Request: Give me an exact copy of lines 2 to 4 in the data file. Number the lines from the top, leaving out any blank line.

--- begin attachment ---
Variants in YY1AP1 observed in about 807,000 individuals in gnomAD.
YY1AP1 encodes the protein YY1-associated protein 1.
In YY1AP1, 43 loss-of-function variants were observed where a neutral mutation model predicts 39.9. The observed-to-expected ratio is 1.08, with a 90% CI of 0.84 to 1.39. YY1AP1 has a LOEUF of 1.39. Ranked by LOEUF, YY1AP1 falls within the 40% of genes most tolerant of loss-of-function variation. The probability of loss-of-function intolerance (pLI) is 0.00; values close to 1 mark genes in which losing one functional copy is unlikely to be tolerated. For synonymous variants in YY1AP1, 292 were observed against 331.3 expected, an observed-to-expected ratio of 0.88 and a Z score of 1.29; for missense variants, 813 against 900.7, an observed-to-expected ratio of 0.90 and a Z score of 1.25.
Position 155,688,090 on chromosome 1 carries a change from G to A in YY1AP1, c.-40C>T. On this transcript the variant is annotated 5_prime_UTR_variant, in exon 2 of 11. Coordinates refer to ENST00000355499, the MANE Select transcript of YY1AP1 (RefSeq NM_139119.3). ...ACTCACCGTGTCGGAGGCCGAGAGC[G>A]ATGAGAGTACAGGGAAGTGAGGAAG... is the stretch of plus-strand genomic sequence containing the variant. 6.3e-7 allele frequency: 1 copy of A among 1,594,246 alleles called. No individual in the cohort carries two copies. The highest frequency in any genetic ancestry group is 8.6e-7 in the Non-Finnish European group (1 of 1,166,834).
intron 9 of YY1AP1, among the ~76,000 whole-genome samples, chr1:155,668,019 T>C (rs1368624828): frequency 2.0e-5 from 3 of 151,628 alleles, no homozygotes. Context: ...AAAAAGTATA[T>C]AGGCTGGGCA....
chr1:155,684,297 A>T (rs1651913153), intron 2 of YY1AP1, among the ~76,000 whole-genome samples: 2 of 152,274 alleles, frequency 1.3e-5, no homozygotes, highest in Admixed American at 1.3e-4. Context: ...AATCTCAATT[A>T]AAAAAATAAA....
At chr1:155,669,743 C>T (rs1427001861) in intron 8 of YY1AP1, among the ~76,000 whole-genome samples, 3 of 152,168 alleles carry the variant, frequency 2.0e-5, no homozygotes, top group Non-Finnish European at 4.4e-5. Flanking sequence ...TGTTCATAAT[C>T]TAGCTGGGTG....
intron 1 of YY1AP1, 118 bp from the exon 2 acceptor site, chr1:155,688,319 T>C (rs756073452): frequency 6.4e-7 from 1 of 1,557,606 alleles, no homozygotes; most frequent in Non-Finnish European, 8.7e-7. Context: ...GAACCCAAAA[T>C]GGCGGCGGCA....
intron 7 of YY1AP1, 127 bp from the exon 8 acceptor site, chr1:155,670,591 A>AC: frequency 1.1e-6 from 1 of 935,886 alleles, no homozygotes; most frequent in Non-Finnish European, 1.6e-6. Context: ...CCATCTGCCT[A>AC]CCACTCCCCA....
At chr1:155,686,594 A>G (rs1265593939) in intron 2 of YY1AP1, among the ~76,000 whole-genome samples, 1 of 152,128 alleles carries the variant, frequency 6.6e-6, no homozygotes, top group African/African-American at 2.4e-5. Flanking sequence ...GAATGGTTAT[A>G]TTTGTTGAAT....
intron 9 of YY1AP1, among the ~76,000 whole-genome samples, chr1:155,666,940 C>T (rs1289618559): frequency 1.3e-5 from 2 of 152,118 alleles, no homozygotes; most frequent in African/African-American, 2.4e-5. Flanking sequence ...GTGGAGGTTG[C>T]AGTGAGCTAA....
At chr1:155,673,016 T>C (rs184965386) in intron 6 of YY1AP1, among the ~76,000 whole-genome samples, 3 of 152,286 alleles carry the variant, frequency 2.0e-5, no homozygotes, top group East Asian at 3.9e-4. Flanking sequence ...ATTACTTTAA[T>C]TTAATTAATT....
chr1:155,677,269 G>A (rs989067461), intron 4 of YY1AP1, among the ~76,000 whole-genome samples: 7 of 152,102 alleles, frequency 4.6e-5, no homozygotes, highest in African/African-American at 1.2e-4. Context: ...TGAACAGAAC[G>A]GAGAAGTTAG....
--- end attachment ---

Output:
YY1AP1 encodes the protein YY1-associated protein 1.
In YY1AP1, 43 loss-of-function variants were observed where a neutral mutation model predicts 39.9. The observed-to-expected ratio is 1.08, with a 90% CI of 0.84 to 1.39. YY1AP1 has a LOEUF of 1.39. Ranked by LOEUF, YY1AP1 falls within the 40% of genes most tolerant of loss-of-function variation. The probability of loss-of-function intolerance (pLI) is 0.00; values close to 1 mark genes in which losing one functional copy is unlikely to be tolerated. For synonymous variants in YY1AP1, 292 were observed against 331.3 expected, an observed-to-expected ratio of 0.88 and a Z score of 1.29; for missense variants, 813 against 900.7, an observed-to-expected ratio of 0.90 and a Z score of 1.25.
Position 155,688,090 on chromosome 1 carries a change from G to A in YY1AP1, c.-40C>T. On this transcript the variant is annotated 5_prime_UTR_variant, in exon 2 of 11. Coordinates refer to ENST00000355499, the MANE Select transcript of YY1AP1 (RefSeq NM_139119.3). ...ACTCACCGTGTCGGAGGCCGAGAGC[G>A]ATGAGAGTACAGGGAAGTGAGGAAG... is the stretch of plus-strand genomic sequence containing the variant. 6.3e-7 allele frequency: 1 copy of A among 1,594,246 alleles called. No individual in the cohort carries two copies. The highest frequency in any genetic ancestry group is 8.6e-7 in the Non-Finnish European group (1 of 1,166,834).